If you need a great deal of accuracy you may want to invest in a micrometer, a high quality one will provide you with accurate readings of as little .0001, one ten thousandth of an inch. A micrometer with this level of accuracy is seldom needed in general gun repair and one that will accurately read .001, one thousandths of an inch is more than adequate. But generally although slower to use, they provide more consistent and accurate readings.  

Having very accurate readings such as from a micrometer can be very useful. For example, to measure a barrel’s thickness or the diameter of a bullet you wish to fire. 


When fitting a wood stock to a rifle, or removing wood for glass bedding a chisel is one of the woodworking tools you will need.

Many instructional sites are available that can help you with woodworking. They can assist you in producing a beautiful and functional stock.

Cotton Swabs

Q-Tips, or to be more accurate, cotton swaps, are one of those general tools that all gunsmiths need and everyone has. Instead of using them to clean out your ears, you can use them for many different gunsmithing purposes. Use them to clean the small areas in the weapon, or to apply grease or oil to the mechanism of the gun.

You are going to need a whole load of these, so invest in a big bag, or raid the medicine cabinet. You can always get more if you need to.

Dental Pick

This is a standard item you will find in many gunsmiths’ repertoire. They can be extremely useful for pulling a gummed up spring out of a hole in a receiver or bolt, or for scraping away grim and grit from small hard to reach areas.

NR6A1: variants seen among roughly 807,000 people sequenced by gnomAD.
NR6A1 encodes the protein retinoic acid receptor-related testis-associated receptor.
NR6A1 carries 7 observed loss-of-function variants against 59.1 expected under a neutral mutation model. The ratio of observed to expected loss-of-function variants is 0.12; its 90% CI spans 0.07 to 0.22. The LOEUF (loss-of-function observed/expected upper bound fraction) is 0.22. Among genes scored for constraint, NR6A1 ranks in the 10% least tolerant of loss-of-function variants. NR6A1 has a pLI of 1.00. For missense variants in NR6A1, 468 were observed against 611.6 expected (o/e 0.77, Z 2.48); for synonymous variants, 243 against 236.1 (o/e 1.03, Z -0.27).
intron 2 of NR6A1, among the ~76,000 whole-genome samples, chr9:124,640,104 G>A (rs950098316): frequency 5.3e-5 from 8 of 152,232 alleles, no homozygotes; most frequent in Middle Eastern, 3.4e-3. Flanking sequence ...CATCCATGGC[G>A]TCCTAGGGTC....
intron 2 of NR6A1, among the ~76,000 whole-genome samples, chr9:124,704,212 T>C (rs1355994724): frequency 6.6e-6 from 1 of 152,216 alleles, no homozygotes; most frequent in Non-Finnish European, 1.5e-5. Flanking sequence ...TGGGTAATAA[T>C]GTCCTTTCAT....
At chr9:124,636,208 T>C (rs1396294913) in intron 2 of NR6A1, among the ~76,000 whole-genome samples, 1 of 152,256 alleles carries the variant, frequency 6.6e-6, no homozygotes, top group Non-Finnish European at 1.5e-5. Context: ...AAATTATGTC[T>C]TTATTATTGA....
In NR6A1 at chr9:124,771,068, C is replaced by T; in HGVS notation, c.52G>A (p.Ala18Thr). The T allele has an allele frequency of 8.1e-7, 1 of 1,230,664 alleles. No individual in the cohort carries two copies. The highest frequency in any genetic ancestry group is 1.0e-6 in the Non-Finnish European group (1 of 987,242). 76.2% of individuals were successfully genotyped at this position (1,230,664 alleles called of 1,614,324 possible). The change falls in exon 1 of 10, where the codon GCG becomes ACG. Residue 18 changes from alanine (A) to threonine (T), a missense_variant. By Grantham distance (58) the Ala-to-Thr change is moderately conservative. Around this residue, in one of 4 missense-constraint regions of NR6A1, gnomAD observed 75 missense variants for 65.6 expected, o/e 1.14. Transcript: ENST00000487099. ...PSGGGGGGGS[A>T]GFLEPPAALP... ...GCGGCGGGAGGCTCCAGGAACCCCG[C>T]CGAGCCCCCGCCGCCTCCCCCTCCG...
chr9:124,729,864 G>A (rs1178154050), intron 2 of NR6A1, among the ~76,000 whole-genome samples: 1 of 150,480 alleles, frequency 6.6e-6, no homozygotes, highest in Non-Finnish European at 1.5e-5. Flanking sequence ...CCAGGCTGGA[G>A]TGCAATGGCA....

You can buy hook pick and brush sets, often called “dental picks”, from many gunsmith supply companies, or tool supply stores such as Harbor Freight. So you do not need to try and buy them from your local dentist, who may have some serious confusion of about why you are trying to buy tools and equipment from them. 


There are many different types of files that you can use for different purposes during the gunsmithing process. Some files are made for wood and some are for metal. You would use some of the larger and rougher metal files for rough shaping and finishing metals parts and draw filing barrels. Common shapes are flat, round, half-round. With different coarseness’s for roughing or finishing.

Micro or “needle” files are for when performing more precise work. These small files are used to deburr barrel threads, fit smaller parts or reshape a tight area. With all files you can start off with inexpensive ones for most simple work and as you learn and are ready, then invest in high quality ones that hold a sharp edge for a long time. 


When driving out pins or drifting a sight with a brass punch you will want to use a Ballpeen Hammer. It is best if you use light weight ballpeen hammers such as a four-ounce hammer. The objective is to tap out the part rather than beating the part and causing the metal to disform. Ideally a Gunsmith will have a two ounce, a four ounce and an eight-ounce ballpeen hammer in their tool set.


These are those scissor looking clamps you often see in medical shows that doctors use to stop bleeding. You may remember seeing them attached to an umbilical cord in your favorite television drama. The way they work is that their handles can clip together and hold the forceps in place.